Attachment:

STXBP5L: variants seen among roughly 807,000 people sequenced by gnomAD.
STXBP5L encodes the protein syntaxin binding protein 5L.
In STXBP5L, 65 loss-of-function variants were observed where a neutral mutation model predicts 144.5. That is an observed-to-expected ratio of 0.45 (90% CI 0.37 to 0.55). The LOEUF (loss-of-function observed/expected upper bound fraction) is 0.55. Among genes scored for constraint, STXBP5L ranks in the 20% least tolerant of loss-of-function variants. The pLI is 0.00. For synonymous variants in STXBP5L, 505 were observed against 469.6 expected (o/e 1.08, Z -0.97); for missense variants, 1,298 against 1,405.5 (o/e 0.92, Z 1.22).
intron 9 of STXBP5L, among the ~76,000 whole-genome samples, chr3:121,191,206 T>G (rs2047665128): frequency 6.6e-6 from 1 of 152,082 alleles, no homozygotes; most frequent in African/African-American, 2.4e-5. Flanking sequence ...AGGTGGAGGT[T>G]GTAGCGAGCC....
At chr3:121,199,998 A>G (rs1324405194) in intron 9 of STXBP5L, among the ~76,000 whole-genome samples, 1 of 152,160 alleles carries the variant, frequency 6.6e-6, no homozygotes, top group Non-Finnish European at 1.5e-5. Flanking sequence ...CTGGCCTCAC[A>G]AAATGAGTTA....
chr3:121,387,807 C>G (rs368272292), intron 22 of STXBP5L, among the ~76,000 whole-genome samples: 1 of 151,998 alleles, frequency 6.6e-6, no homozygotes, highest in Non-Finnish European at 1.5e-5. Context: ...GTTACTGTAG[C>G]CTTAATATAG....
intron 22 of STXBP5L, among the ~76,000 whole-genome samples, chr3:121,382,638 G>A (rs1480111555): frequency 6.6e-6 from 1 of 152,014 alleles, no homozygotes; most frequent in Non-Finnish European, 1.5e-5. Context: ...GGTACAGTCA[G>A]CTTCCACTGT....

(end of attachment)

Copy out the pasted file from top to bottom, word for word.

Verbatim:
STXBP5L: variants seen among roughly 807,000 people sequenced by gnomAD.
STXBP5L encodes the protein syntaxin binding protein 5L.
In STXBP5L, 65 loss-of-function variants were observed where a neutral mutation model predicts 144.5. That is an observed-to-expected ratio of 0.45 (90% CI 0.37 to 0.55). The LOEUF (loss-of-function observed/expected upper bound fraction) is 0.55. Among genes scored for constraint, STXBP5L ranks in the 20% least tolerant of loss-of-function variants. The pLI is 0.00. For synonymous variants in STXBP5L, 505 were observed against 469.6 expected (o/e 1.08, Z -0.97); for missense variants, 1,298 against 1,405.5 (o/e 0.92, Z 1.22).
intron 9 of STXBP5L, among the ~76,000 whole-genome samples, chr3:121,191,206 T>G (rs2047665128): frequency 6.6e-6 from 1 of 152,082 alleles, no homozygotes; most frequent in African/African-American, 2.4e-5. Flanking sequence ...AGGTGGAGGT[T>G]GTAGCGAGCC....
At chr3:121,199,998 A>G (rs1324405194) in intron 9 of STXBP5L, among the ~76,000 whole-genome samples, 1 of 152,160 alleles carries the variant, frequency 6.6e-6, no homozygotes, top group Non-Finnish European at 1.5e-5. Flanking sequence ...CTGGCCTCAC[A>G]AAATGAGTTA....
chr3:121,387,807 C>G (rs368272292), intron 22 of STXBP5L, among the ~76,000 whole-genome samples: 1 of 151,998 alleles, frequency 6.6e-6, no homozygotes, highest in Non-Finnish European at 1.5e-5. Context: ...GTTACTGTAG[C>G]CTTAATATAG....
intron 22 of STXBP5L, among the ~76,000 whole-genome samples, chr3:121,382,638 G>A (rs1480111555): frequency 6.6e-6 from 1 of 152,014 alleles, no homozygotes; most frequent in Non-Finnish European, 1.5e-5. Context: ...GGTACAGTCA[G>A]CTTCCACTGT....